A real head-scratcher if ever there was!

I am confident Town of High Prairie Councillor Brian Gilroy didn’t make many friends around the table at council’s meeting Feb. 25.

But what he did do was bring up an interesting point.

Gilroy disclosed he read through the entire petition papers signed to demolish the old hospital and he was the only councillor to sign it. I’m not sure why he read through all the papers but his discovery is interesting. He was obviously looking to see how many of his friends around the table actively participated in the petition.

Turns out not too many!

Citizens have every right to ask why. It was a question Gilroy did not ask fellow councillors, however.

Whether you agree or disagree, council has actively pursued a lobby to demolish the site. The fact more people did not sign the petition is a head-scratcher.

It must first be recognized a petition is not legally binding. In this case, the petition is merely a tool for town council and the chamber to use in their lobbying efforts. A petition with a solid majority of names from the municipality where it originates is a very strong voice.

I find the 527 names to be a rather poor voice of support. It is a poor outcry from the people which will not exactly make the politicians in Edmonton stand up and take notice. This is not exactly Nikiti Khrushchev pounding his shoe on the desk at the United Nations Oct. 12, 1960.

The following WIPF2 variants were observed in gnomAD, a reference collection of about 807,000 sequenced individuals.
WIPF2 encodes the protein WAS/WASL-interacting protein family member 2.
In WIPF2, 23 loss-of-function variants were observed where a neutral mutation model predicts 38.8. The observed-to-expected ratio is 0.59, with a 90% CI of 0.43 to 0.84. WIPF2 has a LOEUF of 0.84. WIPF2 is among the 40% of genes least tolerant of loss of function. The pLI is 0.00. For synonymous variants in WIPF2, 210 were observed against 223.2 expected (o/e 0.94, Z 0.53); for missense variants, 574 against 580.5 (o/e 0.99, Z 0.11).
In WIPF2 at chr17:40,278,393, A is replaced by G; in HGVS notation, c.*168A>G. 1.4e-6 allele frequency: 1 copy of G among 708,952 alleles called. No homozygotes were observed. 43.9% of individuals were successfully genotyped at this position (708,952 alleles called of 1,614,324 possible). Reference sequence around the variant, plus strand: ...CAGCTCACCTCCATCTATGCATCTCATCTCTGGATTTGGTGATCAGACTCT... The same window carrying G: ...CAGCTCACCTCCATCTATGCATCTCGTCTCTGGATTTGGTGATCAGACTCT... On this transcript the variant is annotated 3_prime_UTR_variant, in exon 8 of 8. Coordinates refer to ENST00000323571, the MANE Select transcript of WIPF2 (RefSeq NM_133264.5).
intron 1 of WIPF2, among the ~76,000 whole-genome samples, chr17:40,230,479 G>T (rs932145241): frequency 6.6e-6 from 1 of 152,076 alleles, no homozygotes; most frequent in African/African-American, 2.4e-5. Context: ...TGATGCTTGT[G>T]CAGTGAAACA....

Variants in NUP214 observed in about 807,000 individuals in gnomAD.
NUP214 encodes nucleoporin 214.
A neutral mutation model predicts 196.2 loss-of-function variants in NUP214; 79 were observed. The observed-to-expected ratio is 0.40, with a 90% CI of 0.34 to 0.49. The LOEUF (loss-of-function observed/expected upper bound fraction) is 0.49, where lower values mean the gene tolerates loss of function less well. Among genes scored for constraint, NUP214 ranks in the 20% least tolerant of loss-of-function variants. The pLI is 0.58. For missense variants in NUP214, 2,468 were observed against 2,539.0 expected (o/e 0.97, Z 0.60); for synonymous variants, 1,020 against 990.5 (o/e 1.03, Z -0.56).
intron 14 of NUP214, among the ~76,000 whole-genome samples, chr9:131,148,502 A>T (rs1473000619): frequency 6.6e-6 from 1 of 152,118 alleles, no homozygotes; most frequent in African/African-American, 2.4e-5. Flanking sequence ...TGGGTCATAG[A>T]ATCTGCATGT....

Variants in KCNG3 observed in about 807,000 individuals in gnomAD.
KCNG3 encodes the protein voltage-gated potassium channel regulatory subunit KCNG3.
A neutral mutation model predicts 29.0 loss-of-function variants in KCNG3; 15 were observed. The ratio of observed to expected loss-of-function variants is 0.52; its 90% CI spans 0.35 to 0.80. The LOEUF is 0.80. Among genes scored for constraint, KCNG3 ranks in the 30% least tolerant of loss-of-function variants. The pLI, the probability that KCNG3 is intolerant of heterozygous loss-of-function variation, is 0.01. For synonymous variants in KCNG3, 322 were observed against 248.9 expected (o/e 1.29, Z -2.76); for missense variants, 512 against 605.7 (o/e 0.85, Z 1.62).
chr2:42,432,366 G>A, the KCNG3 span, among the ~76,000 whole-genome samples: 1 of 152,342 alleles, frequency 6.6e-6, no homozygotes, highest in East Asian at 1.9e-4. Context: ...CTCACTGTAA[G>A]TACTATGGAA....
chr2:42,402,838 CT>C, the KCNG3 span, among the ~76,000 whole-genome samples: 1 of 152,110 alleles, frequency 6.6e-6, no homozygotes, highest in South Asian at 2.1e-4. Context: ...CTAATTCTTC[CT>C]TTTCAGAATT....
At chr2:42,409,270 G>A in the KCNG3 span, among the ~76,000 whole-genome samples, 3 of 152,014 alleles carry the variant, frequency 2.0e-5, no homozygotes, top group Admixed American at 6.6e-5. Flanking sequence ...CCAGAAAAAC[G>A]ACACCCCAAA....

Overall, Gilroy was hoping for better support.

“It did not go as well as we hoped,” he said.

Meanwhile, High Prairie and Area Chamber of Commerce president Barry Sharkawi took a far more positive approach. Always the guy who could fall in manure and find honey, Sharkawi maintained many recognized the safety factor and signed the petition.

He is not totally wrong. Over 500 voices is still 500 voices, considering the large contingent of Alberta Health Services employees should not become involved and sign. The petition is certainly not a total failure.

But what is wrong about this petition is that only one member of town council signed it after endorsing it. Council is actively pursuing the petition’s goal so why did so many councillors not sign?

One can dilly-dally as to the reasons why. As said before, a petition is not legally binding, and their overall effectiveness can be questioned.

What can be argued is if council supported the petition – and they do – they should have each made every effort to sign it and fulfill the motion passed in the hallowed halls of council chambers.

No one on council has expressed any public opposition to demolishing the old hospital.

Is it fair to ask just how hard council is trying to demolish the hospital? It’s a question that begs to be asked.

Or does it simply fall under the category of “I forgot!”

If so, and I believe it was, it’s a very poor excuse.

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